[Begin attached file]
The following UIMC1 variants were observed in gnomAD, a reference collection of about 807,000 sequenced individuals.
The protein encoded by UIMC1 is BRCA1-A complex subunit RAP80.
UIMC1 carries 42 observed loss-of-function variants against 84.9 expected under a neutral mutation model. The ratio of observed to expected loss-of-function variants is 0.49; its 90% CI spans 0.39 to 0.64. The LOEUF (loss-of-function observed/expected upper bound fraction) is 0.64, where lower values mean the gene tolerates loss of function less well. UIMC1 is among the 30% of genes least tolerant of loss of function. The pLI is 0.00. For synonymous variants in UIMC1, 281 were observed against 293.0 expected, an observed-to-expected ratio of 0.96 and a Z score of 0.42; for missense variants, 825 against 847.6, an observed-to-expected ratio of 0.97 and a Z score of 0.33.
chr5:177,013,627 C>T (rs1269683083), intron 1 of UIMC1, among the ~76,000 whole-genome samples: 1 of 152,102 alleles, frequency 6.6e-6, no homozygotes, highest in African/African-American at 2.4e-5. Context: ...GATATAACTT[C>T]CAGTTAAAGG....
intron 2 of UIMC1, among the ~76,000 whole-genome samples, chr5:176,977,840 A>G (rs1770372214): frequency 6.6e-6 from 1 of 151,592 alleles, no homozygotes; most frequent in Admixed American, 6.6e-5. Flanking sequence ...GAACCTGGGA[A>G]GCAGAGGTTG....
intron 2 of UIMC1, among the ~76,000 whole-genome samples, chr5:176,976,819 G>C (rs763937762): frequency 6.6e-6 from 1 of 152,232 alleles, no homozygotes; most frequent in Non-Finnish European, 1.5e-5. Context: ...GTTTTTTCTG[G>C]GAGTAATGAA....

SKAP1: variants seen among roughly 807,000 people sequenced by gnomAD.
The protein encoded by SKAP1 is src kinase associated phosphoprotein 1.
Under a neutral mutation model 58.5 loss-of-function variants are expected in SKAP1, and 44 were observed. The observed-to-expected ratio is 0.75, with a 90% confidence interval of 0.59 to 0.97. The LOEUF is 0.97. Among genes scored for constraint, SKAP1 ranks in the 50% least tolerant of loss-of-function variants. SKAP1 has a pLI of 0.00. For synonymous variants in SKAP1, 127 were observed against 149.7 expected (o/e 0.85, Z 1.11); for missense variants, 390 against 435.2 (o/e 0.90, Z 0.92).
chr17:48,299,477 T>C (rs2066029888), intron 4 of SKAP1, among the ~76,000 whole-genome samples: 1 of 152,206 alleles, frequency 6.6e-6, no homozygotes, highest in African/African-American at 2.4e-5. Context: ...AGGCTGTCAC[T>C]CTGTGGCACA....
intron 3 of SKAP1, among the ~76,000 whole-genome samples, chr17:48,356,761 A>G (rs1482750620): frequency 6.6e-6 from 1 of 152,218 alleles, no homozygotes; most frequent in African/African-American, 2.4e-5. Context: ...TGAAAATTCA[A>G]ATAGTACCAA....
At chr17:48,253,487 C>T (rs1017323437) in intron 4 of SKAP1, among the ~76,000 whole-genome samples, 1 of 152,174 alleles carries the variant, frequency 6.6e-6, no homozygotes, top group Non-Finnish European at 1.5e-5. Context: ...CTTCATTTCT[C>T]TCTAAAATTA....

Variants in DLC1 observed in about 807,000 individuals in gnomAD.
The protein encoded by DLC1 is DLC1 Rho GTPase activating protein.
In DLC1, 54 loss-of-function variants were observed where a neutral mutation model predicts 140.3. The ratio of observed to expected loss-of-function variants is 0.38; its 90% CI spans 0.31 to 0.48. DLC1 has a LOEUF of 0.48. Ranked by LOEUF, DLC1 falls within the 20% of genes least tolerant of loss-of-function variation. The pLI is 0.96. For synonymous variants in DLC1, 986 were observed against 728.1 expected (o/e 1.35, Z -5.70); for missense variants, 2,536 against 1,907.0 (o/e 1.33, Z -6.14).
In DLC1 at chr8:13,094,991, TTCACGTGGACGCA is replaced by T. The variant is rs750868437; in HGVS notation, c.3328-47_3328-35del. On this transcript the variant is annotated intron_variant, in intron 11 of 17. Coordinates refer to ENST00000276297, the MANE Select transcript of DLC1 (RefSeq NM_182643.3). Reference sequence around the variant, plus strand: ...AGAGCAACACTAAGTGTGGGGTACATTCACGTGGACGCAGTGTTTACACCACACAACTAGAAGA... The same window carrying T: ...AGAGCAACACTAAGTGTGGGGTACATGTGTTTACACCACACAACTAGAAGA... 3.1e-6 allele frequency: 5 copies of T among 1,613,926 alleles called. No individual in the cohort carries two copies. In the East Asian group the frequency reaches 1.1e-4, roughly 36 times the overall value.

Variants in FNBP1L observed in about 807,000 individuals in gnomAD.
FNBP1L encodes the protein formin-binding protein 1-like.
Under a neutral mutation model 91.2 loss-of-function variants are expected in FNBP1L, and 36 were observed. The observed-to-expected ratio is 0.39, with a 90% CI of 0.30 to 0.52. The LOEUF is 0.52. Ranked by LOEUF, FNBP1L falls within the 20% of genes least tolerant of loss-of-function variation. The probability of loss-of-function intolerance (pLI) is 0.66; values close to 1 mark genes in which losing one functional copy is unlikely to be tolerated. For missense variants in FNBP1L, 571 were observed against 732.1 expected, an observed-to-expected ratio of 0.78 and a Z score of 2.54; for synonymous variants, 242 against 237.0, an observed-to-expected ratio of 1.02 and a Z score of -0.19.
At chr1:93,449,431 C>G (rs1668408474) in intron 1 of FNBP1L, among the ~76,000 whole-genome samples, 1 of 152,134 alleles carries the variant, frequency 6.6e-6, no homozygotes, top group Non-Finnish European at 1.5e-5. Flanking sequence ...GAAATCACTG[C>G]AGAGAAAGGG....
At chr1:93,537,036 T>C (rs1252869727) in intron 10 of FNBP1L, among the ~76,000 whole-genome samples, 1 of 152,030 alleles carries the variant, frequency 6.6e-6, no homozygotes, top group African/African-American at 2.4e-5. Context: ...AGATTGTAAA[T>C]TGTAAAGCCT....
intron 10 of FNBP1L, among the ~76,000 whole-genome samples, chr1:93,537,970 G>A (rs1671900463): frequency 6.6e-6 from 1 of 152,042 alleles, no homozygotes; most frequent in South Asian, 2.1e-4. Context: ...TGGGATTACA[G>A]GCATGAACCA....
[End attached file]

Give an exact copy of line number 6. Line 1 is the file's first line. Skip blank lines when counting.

intron 2 of UIMC1, among the ~76,000 whole-genome samples, chr5:176,976,819 G>C (rs763937762): frequency 6.6e-6 from 1 of 152,232 alleles, no homozygotes; most frequent in Non-Finnish European, 1.5e-5. Context: ...GTTTTTTCTG[G>C]GAGTAATGAA....